In 2018, tragedy overtook the Bowen family when Crosby Bowen, who was approximately three years old at the time, died unexpectedly. Crosby was exhausted and uncomfortable after what appeared to be a stomach illness. His health quickly deteriorated after a few episodes of vomiting. His family later discovered that the toddler had a huge brain tumor called a glioblastoma grade 4, which is a “highly aggressive brain tumor.”
Annabelle, the family’s 2-year-old daughter, was born a year later. She was diagnosed with cancer in February 2021, leaving physicians perplexed as to why the Bowen children kept getting cancer. “‘OK, this is your second child with cancer,’ the doctors remarked. Let’s look into your genetics and see what we can find out,’ “Annabelle’s father, Nate Bowen, 41, recalls.
According to TODAY, “when you have numerous children who are young who get tumors, there’s often this genetic mutation linked with it.” The test revealed that Annabelle has a rare genetic disorder called Li-Fraumeni syndrome, which is caused by a mutation in the TP53 gene, which ordinarily prevents tumor growth. However, it raises the risk of cancer in children and young adults.
This mutation can occur on its own, although it is frequently passed down through families. In July 2021, DNA tests revealed that Bowen, too, had it. As a result, doctors encouraged him to get regular cancer screenings. Doctors identified a brain tumor after one of these screenings in September. “I didn’t have any symptoms,” Bowen explained. “They ran a brain MRI and discovered I have a huge tumor in my brain,” says the patient.
Despite the fact that his son died as a result of the dreadful sickness that he and his daughter are currently fighting, the family has chosen to remain hopeful. “My daughter’s cancer prompted my genetic testing, which prompted cancer screenings, allowing us to hopefully catch it early enough,” he explained. “It’s one of those situations when the good outweighs the bad. But there’s a bright side.”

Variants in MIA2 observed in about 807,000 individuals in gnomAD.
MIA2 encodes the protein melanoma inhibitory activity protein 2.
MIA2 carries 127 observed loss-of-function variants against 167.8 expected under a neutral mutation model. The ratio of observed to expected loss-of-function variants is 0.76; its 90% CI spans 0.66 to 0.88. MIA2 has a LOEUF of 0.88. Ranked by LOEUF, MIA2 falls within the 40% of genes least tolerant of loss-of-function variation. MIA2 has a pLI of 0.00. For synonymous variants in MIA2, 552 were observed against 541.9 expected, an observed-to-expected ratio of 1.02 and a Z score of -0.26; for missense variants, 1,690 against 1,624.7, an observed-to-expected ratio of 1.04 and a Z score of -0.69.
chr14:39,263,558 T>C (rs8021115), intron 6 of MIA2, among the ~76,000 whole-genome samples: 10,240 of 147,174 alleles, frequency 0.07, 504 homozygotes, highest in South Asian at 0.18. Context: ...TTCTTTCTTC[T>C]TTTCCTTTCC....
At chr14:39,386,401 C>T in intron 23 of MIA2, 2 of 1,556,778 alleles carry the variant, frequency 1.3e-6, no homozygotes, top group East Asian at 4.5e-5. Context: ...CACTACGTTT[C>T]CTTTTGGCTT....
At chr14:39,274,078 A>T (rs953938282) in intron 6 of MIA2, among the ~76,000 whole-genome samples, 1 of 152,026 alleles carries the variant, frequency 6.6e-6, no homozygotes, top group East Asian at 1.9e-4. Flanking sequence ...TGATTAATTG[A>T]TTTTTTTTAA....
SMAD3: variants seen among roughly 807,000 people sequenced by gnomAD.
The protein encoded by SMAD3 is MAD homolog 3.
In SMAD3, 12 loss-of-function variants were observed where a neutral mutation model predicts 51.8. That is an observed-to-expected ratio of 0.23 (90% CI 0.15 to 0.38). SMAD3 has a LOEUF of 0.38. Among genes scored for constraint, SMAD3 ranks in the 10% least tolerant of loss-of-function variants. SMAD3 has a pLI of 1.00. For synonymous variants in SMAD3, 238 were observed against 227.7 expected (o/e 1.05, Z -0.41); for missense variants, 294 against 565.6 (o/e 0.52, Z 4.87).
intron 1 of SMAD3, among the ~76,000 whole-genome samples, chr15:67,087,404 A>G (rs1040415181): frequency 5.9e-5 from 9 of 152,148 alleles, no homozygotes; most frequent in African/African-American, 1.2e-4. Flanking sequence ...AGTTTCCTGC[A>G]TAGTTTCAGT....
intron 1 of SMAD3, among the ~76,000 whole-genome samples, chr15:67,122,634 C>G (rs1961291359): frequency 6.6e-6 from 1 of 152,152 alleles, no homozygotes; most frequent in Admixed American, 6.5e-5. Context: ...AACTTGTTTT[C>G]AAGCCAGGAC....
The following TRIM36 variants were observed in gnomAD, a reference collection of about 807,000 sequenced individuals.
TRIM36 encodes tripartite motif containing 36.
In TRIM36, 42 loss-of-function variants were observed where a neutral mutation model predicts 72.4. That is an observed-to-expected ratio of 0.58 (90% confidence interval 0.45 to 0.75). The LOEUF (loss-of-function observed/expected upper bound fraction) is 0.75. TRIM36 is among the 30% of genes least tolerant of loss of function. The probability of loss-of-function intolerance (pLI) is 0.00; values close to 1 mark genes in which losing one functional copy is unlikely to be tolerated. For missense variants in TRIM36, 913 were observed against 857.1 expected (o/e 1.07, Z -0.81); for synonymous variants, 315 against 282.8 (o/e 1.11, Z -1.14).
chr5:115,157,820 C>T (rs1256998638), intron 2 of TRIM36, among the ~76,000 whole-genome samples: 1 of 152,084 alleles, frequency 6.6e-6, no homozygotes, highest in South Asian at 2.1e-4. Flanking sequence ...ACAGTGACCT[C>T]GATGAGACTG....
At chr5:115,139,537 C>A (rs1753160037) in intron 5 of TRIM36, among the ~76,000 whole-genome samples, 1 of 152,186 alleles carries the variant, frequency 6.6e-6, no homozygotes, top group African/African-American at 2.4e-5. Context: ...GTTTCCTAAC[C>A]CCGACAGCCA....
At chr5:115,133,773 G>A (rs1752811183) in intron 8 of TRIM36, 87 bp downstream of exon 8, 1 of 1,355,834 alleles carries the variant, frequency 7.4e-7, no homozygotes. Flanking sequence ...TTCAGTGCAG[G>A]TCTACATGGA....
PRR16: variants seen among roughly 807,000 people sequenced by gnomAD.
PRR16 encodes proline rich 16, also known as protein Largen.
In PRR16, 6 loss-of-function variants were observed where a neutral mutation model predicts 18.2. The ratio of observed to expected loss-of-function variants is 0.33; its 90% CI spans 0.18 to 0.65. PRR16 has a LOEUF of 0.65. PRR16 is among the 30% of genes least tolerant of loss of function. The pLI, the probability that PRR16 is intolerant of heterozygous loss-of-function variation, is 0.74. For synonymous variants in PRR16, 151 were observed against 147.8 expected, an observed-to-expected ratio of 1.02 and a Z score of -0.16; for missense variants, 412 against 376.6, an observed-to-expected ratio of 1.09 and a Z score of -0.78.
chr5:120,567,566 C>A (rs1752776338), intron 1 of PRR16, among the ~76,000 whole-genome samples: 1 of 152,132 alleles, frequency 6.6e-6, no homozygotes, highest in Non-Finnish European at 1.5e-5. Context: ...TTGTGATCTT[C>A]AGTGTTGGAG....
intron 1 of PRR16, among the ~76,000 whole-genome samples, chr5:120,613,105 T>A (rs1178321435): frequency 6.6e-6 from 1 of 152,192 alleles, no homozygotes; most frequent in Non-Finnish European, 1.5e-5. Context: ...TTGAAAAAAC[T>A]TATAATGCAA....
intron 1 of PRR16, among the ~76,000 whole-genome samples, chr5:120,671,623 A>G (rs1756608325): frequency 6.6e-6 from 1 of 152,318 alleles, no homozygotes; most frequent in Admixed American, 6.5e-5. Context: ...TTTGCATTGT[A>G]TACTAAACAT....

“Because my parents were negative for this mutation, I had to create it on my own,” he explained. Allison, his wife, and his two older children, Dalton, 8, and Tessa, 4, also don’t have it. Bowen, who never had cancer as a youngster, noticed that “a lot of times (a p53) mutation is related with younger children getting cancer.” He had the majority of his brain tumor removed in October, but he isn’t receiving radiation or chemotherapy since it could raise his chances of developing another type of cancer.
“We’re trying to be extremely cautious and only do it if it’s absolutely necessary,” he explained. “(Doctors) removed 90% of it, so there’s 10% still in there.” Despite the fact that the father is suffering with his own illness while also worrying about his youngest child’s health, he believes it has made him closer to her family.
“I’ve truly grown to respect and like the woman she is and how strong she is,” he remarked. “Through the challenges, our love for one another has increased, and we’re striving to stay as positive as possible.”
Representative cover image source: Getty | Photo by Claudiad